A lot of journalists and film makers are dragged to the art of documentary making because they want to reveal some kind of truth, and in revealing this truth they always face certain risks. At times this truth can be harmless and simply informative, the biggest risk being sticking to schedule; but many times documentary makers stumble upon topics that are dangerous for their lives, or lives of the people within it, in one way or another.
Documentary makers’ agenda usually makes them so determined that they will stop at nothing to complete their work and find the answers they were seeking, even if it means putting themselves at a risk, because for them revealing the truth is a priority – despite whether it leads to them being trapped on the enemy’s side during war where filming is generally prohibited, or filming with and around dangerous animals, or simply digging deep into a government conspiracy that can upset a lot of powerful people, causing unnamable consequences.
Determined artists always deserve a lot of respect, and so let’s celebrate their bravery and victory over the massive obstacles by appreciating 10 of the best dangerous documentaries.
10. Who Killed the Electric Car? (Chris Paine, 2006)
The theme of corruption is always bound to stir up some controversy, and that is why it is essential that in Who Killed the Electric Car?, director Chris Paine had all of his facts checked and even double-checked in order to tell a truth that can not be denied, even by the biggest and most powerful.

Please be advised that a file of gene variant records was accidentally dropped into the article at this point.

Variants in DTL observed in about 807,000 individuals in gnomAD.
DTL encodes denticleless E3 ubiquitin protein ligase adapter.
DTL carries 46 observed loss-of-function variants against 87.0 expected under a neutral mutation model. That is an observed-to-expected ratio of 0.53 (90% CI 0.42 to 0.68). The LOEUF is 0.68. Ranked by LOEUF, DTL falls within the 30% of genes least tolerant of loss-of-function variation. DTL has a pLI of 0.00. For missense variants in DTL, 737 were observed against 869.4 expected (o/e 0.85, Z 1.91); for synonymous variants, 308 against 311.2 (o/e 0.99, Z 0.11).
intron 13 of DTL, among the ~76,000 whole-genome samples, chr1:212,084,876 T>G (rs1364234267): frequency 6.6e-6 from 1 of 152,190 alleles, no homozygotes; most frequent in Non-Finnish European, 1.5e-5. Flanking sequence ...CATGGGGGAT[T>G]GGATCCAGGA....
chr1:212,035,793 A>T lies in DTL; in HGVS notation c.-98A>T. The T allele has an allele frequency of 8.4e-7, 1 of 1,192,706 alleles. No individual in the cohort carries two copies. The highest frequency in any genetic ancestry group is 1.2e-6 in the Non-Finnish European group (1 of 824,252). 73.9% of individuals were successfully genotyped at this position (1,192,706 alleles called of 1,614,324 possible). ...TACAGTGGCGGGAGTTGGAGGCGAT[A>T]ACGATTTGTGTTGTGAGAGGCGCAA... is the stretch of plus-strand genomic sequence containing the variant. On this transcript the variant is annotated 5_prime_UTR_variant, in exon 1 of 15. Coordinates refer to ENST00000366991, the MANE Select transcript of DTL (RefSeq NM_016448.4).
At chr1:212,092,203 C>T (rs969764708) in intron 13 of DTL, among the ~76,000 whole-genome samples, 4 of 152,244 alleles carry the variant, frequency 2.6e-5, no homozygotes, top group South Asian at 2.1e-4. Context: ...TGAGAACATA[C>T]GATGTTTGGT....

As the title suggests, in the documentary Paine deals with the issue of the electric car that is still being made and perfected today; however what one may not know and what Paine horrifyingly shows us is that that car already existed, perhaps not in its most perfect form but it did its job.
Created by General Motors, the revolutionary and environmentally friendly electric car promised to raise the company to a spotlight, but unfortunately they chose to succumb to the greater force of the government, other car manufacturers and oil corporations that led to the destruction of the car that could save the Earth, revealing once again the power and corruption of such big corporations.
9. Blackfish (Gabriela Cowperthwaite, 2013)
Several powerful documentaries have been made aimed at animal rights and Cowperthwaite’s Blackfish is definitely one of them. Her target is one of the biggest establishments – Sea World – and Cowperthwaite openly, despite the risk, addresses the abuse of one of the biggest and most beautiful animals they hold imprisoned – the orca.
By making us aware of the intelligent capacity of the animal, she leaves us no choice but to agree with the fact that keeping them under such awful conditions, out of their natural habitat for the simple entertainment of families (and the millions of dollars per year) is simply a disgrace upon the human kind.
As the violence unravels before our eyes and the harsh reality of their captivity and killings are brought forward it becomes no wonder that so many protests were held after the release of the documentary putting Cowperthwaite under the potential risk of being crashed by the power of Sea World; but luckily Sea World was seen to submit promising change despite never agreeing to free the orcas.
8. Taxi to the Dark Side (Alex Gibney, 2008)
Taxi to the Dark Side began with the events of 2002 when an innocent Afghan Taxi driver, Daliwar, was accused of being a terrorist in relation to a recent attack and was captured and take to the American prison in Bagram where he was tortured in the most violent ways leading to his death.